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Aussie shares will shoot for their first gain in three sessions after news of a bipartisan infrastructure deal helped lift the S&P 500 to an all-time high.

ASX futures rallied 51 points or 0.71 per cent, signalling a strong start after two days of downward drift. The S&P/ASX 200 fell 23 points or 0.32 per cent yesterday as the threat of a Covid-19 lockdown in NSW dampened buying interest.

Overnight, oil hit a fresh two-and-a-half-year high. Iron ore, gold and copper retreated. The dollar pushed back towards 76 US cents.

Wall Street

A long-awaited breakthrough in infrastructure negotiations helped propel the S&P 500 to its first record since last week’s Federal Reserve rates-shock wobble. The index climbed 25 points or 0.58 per cent.

The Dow Jones Industrial Average jumped 323 points or 0.95 per cent with industrial giants Caterpillar and Boeing leading the advance. The Nasdaq Composite put on 98 points or 0.69 per cent.

President Joe Biden’s big-spending infrastructure plans had bogged down in partisan politics until last night’s breakthrough. The White House announced overnight it had struck a deal for a US$1.2 trillion bill that includes spending on roads, bridges, clean electricity, water and broadband. The price tag was much smaller than the US$2.3 trillion package floated earlier this year.

“We have a deal,” Biden told reporters. “I think it’s really important we’ve all agreed that none of us got all that we wanted.”

Cyclical stocks that stand to benefit from higher spending and stronger economic growth rallied. Heavy machinery manufacturer Caterpillar rose 2.6 per cent. Deere & Co added 0.83 per cent, Vulcan Materials 3.27 per cent and Vale 1.23 per cent. Aircraft manufacturer Boeing put on 2.87 per cent.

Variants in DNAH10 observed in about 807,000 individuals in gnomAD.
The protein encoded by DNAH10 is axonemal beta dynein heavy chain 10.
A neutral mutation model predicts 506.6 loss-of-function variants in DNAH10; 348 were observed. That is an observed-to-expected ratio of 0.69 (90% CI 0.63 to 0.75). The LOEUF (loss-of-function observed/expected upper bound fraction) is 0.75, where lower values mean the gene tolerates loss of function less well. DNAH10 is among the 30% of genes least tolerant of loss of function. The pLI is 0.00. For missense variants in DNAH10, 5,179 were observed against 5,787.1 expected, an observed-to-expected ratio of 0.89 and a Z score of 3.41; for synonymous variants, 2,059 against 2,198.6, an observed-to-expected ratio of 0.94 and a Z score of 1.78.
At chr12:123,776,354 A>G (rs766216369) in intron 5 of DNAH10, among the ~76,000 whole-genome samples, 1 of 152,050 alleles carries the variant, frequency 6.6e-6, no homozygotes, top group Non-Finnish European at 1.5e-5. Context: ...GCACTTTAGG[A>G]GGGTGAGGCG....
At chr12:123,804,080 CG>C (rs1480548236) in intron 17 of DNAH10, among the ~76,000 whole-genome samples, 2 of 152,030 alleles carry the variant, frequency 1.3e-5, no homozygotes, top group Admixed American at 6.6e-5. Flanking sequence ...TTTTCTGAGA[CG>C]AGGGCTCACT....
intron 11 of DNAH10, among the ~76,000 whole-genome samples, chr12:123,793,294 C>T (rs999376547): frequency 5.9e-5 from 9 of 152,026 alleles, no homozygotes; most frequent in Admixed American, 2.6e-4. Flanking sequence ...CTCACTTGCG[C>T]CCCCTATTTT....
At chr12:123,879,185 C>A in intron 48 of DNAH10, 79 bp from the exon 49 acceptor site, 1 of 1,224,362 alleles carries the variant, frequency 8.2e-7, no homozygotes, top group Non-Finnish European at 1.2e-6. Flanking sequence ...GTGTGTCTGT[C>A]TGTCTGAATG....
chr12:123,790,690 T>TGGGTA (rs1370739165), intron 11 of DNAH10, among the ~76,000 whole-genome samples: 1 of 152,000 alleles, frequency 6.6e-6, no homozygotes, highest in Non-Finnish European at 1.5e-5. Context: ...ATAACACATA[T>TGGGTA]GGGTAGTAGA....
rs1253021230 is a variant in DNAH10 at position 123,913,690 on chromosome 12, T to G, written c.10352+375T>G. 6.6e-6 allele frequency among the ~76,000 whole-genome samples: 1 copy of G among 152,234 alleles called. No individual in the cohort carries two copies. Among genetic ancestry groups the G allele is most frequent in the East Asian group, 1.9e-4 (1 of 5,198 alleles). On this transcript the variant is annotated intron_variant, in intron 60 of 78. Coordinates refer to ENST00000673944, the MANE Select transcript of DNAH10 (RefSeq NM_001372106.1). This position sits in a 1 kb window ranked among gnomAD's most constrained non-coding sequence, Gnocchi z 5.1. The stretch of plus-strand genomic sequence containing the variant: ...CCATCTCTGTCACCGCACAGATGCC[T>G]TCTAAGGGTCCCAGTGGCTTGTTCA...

The financial sector rallied 1.21 per cent ahead of the results of Federal Reserve stress tests. Analysts expect the results will allow banks and other lenders to release billions of capital in the form of dividends and buybacks that was previously preserved as a buffer against a Covid downturn that ultimately had limited impact.

Claims for unemployment benefits declined from the previous week, but not by as much as analysts anticipated. First-time claims dropped to 411,000 from 418,000. Economists expected a lower tally around 380,000. A separate report confirmed the economy expanded by 6.4 per cent last quarter, as indicated by preliminary figures.

Australian outlook

The ASX has taken a day or two to absorb the implications of the Bondi Covid cluster and – barring shocking figures today – looks ready to move on. The S&P/ASX 200 has dropped roughly 67 points in two sessions, despite broadly positive overseas leads. Fresh highs in the US look set to change the trend. However, the index would need to put on more than 90 points this session to avoid its first weekly loss in six weeks.

The US financial sector led the overnight rally, rising 1.21 per cent. There were exclusive domestic factors at play (Fed stress tests), so not too much should be read into that.

The energy sector was next best, adding 0.85 per cent as crude continued to make multi-year highs (more below). Industrials – the obvious winner from the White House’s infrastructure deal – gained 0.77 per cent.

The defensive real estate and utilities sectors declined 0.45 and 0.1 per cent, respectively.

Today’s IPO schedule includes Arcadia Minerals, Torque Metals and WAM Strategic Value Ltd, according to latest ASX data.

The dollar climbed 0.16 per cent overnight to 75.85 US cents.

Commodities

Oil touched its highest level since October 2018 as evidence of strong demand offset fears OPEC+ will agree at next week’s meeting to increase output. Brent crude for August delivery settled 37 cents or 0.5 per cent ahead at US$75.56 a barrel.

Mining giants BHP and Rio Tinto shrugged off a dip in iron ore. The spot price for ore landed in China turned lower yesterday for the first time in three sessions, falling $1.70 or 0.8 per cent to US$214.90 a tonne.

BHP’s US-listed stock improved 1.63 per cent and its UK-listed stock gained 1.56 per cent. Rio Tinto tacked on 1.31 per cent in the US and 1.25 per cent in the UK.

Gold gave back the previous session’s gains as traders favoured risk assets over havens. Gold for August delivery settled $6.70 or 0.4 per cent lower at US$1,776.70 an ounce. The NYSE Arca Gold Bugs Index was little changed, down less than 0.1 per cent.

“The current global optimism has caused traders and other mid-term investors to rotate away from defensive values and safe havens to riskier assets, which represents a strong bearish market driver for gold,” Pierre Veyret, technical analyst at ActivTrades, wrote.

Copper logged its first loss of the week as traders weighed mixed signals on US rates and the release of Chinese reserves. US -traded copper on Comex dropped almost 0.5 per cent to US$4.31 a pound.

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